The birth, life and acts of King Arthur

Material Information

The birth, life and acts of King Arthur of his noble knights of the Round Table, their marvellous enquests and adventures, the achieving of the San Greal, and in the end Le morte dArthur, with the dolourous death and departing out of this world of them all
Uniform Title:
Morte d'Arthur
Running title:
King Arthur
Malory, Thomas, active 15th century
Rhys, John, 1840-1915
Beardsley, Aubrey, 1872-1898 ( illustrator )
Place of Publication:
New York
E.P. Dutton
Publication Date:
[3rd ed.].
Physical Description:
lv, 538 pages, [22] leaves of plates : illustrations, facsimile ; 30 cm


Subjects / Keywords:
Arthurian romances ( lcsh )
Arthurian romances ( fast )
Fiction. ( fast )
bibliography ( marcgt )
fiction ( marcgt )
Fiction ( fast )


Includes bibliographical references.
General Note:
"This, the third edition of Le Morte dArthur with Aubrey Beardsley's designs is limited to 1600 copies, after printing which the type has been distributed."--2nd prelim. leaf.
General Note:
"A note on the designs omitted from the first edition, by R.A. Walker"--Page xj.
Statement of Responsibility:
the text as written by Sir Thomas Malory, and imprinted by William Caxton at Westminster the year MCCCCLXXXV [i.e. 1485], and now spelled in modern style, embellished with many original designs by Aubrey Beardsley ; with an introduction by John Rhys ; and a note on Aubrey Beardsley by Aymer Vallance.

Record Information

Source Institution:
Auraria Library
Holding Location:
Auraria Library
Rights Management:
All applicable rights reserved by the source institution and holding location.
Resource Identifier:
02509230 ( OCLC )
PR2043 .R5 1927b ( lcc )

Auraria Membership

Auraria Library
Literature Collections

Full Text

Donald Sutherland

This, the Third Edition of Le MoRTE
DARTHUR with Aubrey Beardsley's designs
is limited to 1600 copiesy after printing
which the type has been distributed.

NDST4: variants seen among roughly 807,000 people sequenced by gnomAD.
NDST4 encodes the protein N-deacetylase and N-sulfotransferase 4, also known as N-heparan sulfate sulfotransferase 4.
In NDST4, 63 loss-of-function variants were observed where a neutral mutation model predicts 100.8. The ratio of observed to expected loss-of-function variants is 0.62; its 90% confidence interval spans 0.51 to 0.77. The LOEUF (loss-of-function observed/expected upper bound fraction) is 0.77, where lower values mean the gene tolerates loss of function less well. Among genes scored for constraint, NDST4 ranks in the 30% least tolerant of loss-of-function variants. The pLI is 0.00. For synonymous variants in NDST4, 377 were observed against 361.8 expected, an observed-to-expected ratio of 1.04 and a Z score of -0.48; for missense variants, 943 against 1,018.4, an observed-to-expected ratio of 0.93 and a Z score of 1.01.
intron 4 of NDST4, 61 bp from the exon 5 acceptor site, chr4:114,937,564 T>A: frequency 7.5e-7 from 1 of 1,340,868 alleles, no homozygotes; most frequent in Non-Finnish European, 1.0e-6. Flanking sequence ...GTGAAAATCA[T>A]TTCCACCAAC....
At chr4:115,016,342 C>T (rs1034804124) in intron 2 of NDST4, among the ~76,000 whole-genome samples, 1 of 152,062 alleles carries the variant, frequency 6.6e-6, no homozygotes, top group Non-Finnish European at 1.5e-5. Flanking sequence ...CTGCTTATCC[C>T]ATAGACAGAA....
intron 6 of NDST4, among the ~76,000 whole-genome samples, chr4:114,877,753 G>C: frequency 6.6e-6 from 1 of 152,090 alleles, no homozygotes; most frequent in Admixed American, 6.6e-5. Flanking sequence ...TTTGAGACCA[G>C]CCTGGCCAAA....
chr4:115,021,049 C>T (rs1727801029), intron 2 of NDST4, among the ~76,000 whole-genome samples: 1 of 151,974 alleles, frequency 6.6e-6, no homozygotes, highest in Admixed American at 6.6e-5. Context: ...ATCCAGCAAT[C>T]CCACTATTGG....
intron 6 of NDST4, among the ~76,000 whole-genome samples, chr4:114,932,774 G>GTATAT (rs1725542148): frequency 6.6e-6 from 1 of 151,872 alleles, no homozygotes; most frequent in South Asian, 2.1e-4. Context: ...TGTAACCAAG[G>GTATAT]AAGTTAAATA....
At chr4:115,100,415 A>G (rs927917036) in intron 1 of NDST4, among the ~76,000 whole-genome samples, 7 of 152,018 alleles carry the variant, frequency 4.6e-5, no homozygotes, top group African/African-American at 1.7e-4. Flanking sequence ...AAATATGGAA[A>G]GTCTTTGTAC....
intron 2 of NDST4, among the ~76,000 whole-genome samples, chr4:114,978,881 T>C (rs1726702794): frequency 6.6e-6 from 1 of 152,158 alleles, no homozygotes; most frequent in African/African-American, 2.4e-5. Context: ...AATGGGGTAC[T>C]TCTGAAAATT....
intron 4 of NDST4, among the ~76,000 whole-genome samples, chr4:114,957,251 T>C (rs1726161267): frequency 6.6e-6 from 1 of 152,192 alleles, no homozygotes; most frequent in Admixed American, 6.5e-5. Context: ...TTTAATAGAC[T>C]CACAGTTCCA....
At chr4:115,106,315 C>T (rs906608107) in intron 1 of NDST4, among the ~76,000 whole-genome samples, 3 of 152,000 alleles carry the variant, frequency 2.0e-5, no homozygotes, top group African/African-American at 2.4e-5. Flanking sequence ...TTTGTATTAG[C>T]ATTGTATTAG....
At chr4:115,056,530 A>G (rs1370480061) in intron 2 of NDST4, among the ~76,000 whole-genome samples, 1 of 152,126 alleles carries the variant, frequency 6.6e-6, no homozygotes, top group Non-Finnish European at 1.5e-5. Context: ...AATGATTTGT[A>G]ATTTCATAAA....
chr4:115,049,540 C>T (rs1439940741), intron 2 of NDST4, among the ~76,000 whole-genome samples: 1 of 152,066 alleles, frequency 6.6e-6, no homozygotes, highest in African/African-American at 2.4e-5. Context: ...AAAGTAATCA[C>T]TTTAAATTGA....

Published in New York by E. P. Dutton and Company

Httiivry UrarHslcu, foy SJywrr Uallance
7" the time when the late Mr Joseph Malahy Dent commissioned
Aubrey Beardsley, and the latter undertook, to furnish drawings
for a new illustrated edition of the Morte Darthur, publisher
and artist were alike strangers to the public. The firm of
Messrs Dent & Co. had but recently started on its career of
publishing, while as to Aubrey Beardsley, his name, which was
destined shortly to become a household word, was then quite
unknown to fame. It happened that Mr Dent had told
Mr Frederick H. Evans (then a bookseller in Queen Street, E.C.,
with whom Beardsley, in the days when he was short of cash,
used to barter drawings for books) that he was contemplating an
illustrated edition of the Morte, if only he could meet with
a suitable artist. Mr Evans then remembered Beardsley and
kindly recommended him to Mr Dent, who asked Beardsley to
submit a specimen drawing for the purpose. He produced the
drawing which forms the frontispiece to this volume, the
wonderful Achieving of the Sangreal, and it was on the strength of it that Mr Dent
decided to give him the order for the whole book. It was Beardsleys first serious com-
mission, for hitherto he had made practically nothing by his art. On the part of the
publisher it was an exceedingly courageous venture to entrust so important a task to an